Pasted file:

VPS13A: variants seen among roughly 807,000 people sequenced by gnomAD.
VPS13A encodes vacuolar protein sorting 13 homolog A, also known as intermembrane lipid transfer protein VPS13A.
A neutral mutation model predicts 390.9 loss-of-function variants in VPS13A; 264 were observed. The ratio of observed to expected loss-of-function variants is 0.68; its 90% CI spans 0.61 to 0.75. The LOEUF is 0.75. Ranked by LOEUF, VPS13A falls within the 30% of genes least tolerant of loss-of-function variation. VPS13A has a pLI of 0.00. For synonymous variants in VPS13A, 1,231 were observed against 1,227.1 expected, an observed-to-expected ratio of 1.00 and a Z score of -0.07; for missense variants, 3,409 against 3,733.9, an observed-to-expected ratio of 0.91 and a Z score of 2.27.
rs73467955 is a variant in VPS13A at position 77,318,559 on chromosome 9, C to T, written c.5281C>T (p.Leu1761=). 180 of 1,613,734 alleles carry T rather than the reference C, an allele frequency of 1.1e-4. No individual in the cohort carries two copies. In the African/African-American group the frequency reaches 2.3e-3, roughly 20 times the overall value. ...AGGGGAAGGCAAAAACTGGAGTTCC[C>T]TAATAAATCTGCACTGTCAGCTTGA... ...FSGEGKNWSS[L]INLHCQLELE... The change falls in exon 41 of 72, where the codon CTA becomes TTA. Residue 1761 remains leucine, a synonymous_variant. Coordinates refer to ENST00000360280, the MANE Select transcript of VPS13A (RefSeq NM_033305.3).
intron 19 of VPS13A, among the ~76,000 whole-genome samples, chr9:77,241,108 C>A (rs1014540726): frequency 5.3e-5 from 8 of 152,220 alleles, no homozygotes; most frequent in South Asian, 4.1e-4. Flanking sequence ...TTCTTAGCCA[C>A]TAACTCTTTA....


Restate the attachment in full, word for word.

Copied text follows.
VPS13A: variants seen among roughly 807,000 people sequenced by gnomAD.
VPS13A encodes vacuolar protein sorting 13 homolog A, also known as intermembrane lipid transfer protein VPS13A.
A neutral mutation model predicts 390.9 loss-of-function variants in VPS13A; 264 were observed. The ratio of observed to expected loss-of-function variants is 0.68; its 90% CI spans 0.61 to 0.75. The LOEUF is 0.75. Ranked by LOEUF, VPS13A falls within the 30% of genes least tolerant of loss-of-function variation. VPS13A has a pLI of 0.00. For synonymous variants in VPS13A, 1,231 were observed against 1,227.1 expected, an observed-to-expected ratio of 1.00 and a Z score of -0.07; for missense variants, 3,409 against 3,733.9, an observed-to-expected ratio of 0.91 and a Z score of 2.27.
rs73467955 is a variant in VPS13A at position 77,318,559 on chromosome 9, C to T, written c.5281C>T (p.Leu1761=). 180 of 1,613,734 alleles carry T rather than the reference C, an allele frequency of 1.1e-4. No individual in the cohort carries two copies. In the African/African-American group the frequency reaches 2.3e-3, roughly 20 times the overall value. ...AGGGGAAGGCAAAAACTGGAGTTCC[C>T]TAATAAATCTGCACTGTCAGCTTGA... ...FSGEGKNWSS[L]INLHCQLELE... The change falls in exon 41 of 72, where the codon CTA becomes TTA. Residue 1761 remains leucine, a synonymous_variant. Coordinates refer to ENST00000360280, the MANE Select transcript of VPS13A (RefSeq NM_033305.3).
intron 19 of VPS13A, among the ~76,000 whole-genome samples, chr9:77,241,108 C>A (rs1014540726): frequency 5.3e-5 from 8 of 152,220 alleles, no homozygotes; most frequent in South Asian, 4.1e-4. Flanking sequence ...TTCTTAGCCA[C>A]TAACTCTTTA....